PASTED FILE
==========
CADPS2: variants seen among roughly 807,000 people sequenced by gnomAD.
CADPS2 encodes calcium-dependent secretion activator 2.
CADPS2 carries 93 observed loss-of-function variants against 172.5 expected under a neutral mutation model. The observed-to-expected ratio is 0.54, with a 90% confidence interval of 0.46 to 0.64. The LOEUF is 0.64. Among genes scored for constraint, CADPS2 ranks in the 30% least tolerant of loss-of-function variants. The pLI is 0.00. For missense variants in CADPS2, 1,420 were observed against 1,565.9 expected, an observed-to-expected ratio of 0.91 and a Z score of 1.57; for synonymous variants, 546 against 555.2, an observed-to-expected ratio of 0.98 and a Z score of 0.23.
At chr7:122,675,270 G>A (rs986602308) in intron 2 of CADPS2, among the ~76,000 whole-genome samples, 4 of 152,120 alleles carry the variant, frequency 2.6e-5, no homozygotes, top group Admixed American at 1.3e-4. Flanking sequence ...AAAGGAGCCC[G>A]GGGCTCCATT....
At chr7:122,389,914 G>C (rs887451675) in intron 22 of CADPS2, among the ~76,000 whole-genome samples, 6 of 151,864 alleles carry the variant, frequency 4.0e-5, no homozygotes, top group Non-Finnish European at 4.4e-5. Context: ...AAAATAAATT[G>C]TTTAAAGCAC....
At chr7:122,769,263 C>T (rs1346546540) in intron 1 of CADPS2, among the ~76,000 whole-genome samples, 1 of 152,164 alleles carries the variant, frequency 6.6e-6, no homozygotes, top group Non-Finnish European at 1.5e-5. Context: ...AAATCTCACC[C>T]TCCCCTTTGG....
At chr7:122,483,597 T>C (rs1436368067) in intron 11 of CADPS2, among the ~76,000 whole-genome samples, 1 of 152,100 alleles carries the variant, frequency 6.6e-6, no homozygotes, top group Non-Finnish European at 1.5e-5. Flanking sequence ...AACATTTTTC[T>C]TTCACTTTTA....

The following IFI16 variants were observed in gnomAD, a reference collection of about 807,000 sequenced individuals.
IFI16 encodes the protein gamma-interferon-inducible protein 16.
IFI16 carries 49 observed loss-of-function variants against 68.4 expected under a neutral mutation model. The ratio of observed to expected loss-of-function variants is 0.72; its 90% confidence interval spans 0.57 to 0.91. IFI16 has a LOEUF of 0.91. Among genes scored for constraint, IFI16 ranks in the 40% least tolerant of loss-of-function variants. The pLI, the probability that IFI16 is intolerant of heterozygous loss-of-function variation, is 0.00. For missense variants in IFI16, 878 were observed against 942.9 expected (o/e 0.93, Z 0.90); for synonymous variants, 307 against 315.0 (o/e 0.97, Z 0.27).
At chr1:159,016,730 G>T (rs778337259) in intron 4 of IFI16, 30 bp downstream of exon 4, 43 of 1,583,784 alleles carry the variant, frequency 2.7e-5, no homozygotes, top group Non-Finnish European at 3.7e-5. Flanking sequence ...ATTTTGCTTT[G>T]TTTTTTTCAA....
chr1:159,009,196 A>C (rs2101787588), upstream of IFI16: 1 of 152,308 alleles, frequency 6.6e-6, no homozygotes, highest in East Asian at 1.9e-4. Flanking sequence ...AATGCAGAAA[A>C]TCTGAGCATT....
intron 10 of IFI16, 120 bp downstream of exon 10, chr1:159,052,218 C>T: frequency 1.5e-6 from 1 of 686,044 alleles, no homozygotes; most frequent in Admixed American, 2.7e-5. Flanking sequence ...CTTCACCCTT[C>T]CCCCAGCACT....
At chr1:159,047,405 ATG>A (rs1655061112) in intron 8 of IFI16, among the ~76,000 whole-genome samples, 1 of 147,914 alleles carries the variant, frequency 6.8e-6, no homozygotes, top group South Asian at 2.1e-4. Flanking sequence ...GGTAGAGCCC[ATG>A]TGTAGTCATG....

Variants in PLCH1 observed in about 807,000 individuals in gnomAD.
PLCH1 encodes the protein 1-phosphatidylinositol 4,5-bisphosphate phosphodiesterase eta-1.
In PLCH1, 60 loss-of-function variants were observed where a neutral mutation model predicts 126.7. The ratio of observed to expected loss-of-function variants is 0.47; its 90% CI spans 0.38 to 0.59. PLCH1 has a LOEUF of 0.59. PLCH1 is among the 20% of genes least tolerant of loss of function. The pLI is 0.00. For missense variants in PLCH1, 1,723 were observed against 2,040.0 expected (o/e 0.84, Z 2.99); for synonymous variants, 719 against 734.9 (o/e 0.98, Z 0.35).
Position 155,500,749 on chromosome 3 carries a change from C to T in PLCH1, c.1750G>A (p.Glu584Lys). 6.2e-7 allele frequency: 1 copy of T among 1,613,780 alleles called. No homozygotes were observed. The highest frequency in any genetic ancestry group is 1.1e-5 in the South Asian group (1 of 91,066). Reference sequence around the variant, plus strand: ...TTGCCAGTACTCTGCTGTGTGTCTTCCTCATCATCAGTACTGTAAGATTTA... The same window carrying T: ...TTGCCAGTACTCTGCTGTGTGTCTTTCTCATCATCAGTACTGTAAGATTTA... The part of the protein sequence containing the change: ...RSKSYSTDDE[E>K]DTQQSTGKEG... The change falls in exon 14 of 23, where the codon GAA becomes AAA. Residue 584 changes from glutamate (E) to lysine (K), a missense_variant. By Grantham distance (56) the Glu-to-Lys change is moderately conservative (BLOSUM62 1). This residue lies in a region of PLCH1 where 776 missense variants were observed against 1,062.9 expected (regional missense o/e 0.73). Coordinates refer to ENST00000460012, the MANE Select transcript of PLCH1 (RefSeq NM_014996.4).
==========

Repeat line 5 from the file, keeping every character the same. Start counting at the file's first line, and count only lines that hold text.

At chr7:122,389,914 G>C (rs887451675) in intron 22 of CADPS2, among the ~76,000 whole-genome samples, 6 of 151,864 alleles carry the variant, frequency 4.0e-5, no homozygotes, top group Non-Finnish European at 4.4e-5. Context: ...AAAATAAATT[G>C]TTTAAAGCAC....